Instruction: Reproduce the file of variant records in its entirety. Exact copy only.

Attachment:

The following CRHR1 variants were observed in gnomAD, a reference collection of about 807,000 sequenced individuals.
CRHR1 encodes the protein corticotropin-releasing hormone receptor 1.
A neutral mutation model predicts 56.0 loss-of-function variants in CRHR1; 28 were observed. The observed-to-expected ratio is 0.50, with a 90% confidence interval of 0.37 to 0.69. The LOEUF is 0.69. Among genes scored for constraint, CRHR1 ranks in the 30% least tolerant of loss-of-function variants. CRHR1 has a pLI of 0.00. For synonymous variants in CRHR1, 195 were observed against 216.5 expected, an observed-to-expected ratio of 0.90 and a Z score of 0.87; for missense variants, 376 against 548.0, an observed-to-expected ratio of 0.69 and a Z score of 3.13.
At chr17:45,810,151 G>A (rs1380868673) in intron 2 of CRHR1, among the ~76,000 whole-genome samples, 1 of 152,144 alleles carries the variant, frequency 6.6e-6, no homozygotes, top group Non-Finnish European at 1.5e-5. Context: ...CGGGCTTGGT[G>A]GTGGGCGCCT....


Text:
The following CRHR1 variants were observed in gnomAD, a reference collection of about 807,000 sequenced individuals.
CRHR1 encodes the protein corticotropin-releasing hormone receptor 1.
A neutral mutation model predicts 56.0 loss-of-function variants in CRHR1; 28 were observed. The observed-to-expected ratio is 0.50, with a 90% confidence interval of 0.37 to 0.69. The LOEUF is 0.69. Among genes scored for constraint, CRHR1 ranks in the 30% least tolerant of loss-of-function variants. CRHR1 has a pLI of 0.00. For synonymous variants in CRHR1, 195 were observed against 216.5 expected, an observed-to-expected ratio of 0.90 and a Z score of 0.87; for missense variants, 376 against 548.0, an observed-to-expected ratio of 0.69 and a Z score of 3.13.
At chr17:45,810,151 G>A (rs1380868673) in intron 2 of CRHR1, among the ~76,000 whole-genome samples, 1 of 152,144 alleles carries the variant, frequency 6.6e-6, no homozygotes, top group Non-Finnish European at 1.5e-5. Context: ...CGGGCTTGGT[G>A]GTGGGCGCCT....